Outrage in Egypt has erupted over a new film that explores same-sex relationships in both the historical and contemporary Middle East.
According to BMA Sources, the North African film “Bashtaalak Sa’at” (Shall I Compare You to a Summer’s Day?), which premiered at the Berlin Film Festival in early February, has caused quite a stir.
The film is written and directed by Egyptian-born Mohammad Shawky Hassan and digs into gay relationships in Arab society, looking at several folk tales via a queer lens.
The 66-minute film has yet to be screened in Egypt, but the outcry has already been massive.
A female narrator who desires to relate the love narrative between two men discovers a polyamorous chorus of lovers in Mohammad Shawky Hassan’s metafictional essay, and this oft-told tale is multiplied.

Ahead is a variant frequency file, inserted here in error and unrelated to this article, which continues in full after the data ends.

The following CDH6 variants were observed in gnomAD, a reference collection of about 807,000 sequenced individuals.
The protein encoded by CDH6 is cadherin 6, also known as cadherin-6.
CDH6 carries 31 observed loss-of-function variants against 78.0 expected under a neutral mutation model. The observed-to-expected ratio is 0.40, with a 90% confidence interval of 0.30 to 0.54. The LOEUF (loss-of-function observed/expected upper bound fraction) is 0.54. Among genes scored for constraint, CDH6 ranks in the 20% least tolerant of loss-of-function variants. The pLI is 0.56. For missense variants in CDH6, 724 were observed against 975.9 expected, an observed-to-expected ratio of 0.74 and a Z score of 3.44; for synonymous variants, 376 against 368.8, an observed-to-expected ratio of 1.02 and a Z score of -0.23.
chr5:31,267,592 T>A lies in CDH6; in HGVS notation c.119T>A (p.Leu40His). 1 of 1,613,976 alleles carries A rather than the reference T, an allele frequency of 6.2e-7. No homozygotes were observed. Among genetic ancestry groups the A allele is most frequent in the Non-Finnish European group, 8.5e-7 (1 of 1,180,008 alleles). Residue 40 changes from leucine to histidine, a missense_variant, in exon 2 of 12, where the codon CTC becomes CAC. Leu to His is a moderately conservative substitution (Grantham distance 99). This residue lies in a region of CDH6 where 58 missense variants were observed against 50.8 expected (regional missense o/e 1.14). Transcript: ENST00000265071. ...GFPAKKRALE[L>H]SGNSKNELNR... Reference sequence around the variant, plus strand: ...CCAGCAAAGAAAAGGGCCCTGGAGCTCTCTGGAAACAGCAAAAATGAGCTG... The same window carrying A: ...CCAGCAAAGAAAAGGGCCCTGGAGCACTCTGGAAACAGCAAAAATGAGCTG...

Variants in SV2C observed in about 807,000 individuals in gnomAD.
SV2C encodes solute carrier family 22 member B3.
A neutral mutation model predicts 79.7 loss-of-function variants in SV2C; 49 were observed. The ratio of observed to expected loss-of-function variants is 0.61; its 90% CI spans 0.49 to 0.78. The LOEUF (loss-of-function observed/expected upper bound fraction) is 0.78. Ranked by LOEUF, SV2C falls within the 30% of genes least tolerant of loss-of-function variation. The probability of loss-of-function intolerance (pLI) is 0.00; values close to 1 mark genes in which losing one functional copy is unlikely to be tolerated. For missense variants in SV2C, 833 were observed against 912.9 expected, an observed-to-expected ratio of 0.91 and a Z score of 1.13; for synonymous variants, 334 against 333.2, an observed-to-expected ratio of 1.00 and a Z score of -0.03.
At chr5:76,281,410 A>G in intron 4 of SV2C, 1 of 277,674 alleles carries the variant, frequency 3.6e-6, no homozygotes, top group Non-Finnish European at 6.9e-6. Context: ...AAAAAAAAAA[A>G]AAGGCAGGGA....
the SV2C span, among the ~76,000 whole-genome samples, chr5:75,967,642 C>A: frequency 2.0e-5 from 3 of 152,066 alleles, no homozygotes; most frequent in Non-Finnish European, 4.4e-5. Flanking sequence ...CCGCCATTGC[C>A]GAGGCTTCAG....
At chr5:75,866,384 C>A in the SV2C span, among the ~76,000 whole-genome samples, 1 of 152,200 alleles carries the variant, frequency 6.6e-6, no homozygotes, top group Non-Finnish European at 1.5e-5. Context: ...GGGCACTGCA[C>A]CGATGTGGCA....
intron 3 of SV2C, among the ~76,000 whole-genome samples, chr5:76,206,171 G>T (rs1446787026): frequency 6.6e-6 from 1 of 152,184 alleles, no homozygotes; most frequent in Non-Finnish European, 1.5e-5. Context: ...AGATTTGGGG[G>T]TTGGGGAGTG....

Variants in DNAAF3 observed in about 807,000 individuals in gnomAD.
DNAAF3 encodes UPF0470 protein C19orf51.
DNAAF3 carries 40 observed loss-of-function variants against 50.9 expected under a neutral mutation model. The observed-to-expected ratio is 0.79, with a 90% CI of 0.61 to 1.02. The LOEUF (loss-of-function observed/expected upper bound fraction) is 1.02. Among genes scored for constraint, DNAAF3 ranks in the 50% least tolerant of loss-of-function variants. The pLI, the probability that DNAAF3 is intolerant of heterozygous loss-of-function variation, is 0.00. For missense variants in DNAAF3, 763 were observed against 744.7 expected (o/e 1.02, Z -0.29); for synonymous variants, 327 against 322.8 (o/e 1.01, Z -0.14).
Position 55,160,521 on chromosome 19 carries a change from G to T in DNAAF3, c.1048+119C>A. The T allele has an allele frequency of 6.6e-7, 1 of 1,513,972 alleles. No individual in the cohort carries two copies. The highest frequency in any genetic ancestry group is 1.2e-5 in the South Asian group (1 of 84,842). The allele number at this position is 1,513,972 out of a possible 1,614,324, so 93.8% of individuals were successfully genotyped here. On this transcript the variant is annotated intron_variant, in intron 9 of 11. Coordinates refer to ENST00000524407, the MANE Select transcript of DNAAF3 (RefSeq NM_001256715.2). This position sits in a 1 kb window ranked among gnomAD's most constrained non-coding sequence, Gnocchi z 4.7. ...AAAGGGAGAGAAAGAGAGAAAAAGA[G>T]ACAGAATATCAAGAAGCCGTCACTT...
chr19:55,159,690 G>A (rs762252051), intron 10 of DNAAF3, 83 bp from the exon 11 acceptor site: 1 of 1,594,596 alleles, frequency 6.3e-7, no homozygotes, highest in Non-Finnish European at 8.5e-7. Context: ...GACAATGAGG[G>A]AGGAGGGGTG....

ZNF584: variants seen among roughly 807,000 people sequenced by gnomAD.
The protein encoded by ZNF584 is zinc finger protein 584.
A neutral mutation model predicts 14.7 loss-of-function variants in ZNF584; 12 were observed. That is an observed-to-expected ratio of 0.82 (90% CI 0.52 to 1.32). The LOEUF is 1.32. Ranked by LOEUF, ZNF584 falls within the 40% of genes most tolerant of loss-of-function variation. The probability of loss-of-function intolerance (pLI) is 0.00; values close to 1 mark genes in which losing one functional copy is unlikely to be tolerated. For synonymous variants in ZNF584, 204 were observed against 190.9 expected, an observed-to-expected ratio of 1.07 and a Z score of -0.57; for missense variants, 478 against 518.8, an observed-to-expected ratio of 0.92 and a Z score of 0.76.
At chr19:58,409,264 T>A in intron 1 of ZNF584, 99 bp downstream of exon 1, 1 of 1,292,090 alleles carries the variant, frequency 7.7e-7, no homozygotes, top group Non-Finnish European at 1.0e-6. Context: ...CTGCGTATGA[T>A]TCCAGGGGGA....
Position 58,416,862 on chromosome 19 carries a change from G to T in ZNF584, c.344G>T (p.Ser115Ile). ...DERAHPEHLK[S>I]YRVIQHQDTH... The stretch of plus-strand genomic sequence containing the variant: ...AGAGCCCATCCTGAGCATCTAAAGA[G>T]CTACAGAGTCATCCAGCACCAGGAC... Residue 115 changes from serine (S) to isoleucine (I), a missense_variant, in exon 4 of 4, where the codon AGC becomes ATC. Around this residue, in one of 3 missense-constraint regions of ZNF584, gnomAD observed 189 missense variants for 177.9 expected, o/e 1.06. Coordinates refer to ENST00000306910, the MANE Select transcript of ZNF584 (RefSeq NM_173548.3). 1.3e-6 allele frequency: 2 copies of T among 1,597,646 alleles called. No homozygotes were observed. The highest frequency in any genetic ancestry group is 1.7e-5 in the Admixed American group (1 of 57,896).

Egypt’s public decency laws criminalise homosexual behaviour. Egyptian courts sometimes impose heavy penalties on those found guilty of offences.
The country began a harsh crackdown on the LGBTQIA+ community, following a 2017 event in which a group of young people waved pride flags at a concert in Cairo. According to reports, 84 people were arrested as a result of the incident, several of them were subjected to rectal examinations as part of their interrogations.
Egypt notified the United Nations Human Rights Council earlier this year that queer people do not exist, claiming that the country does not recognise the phrases listed in the resolution, according to sources.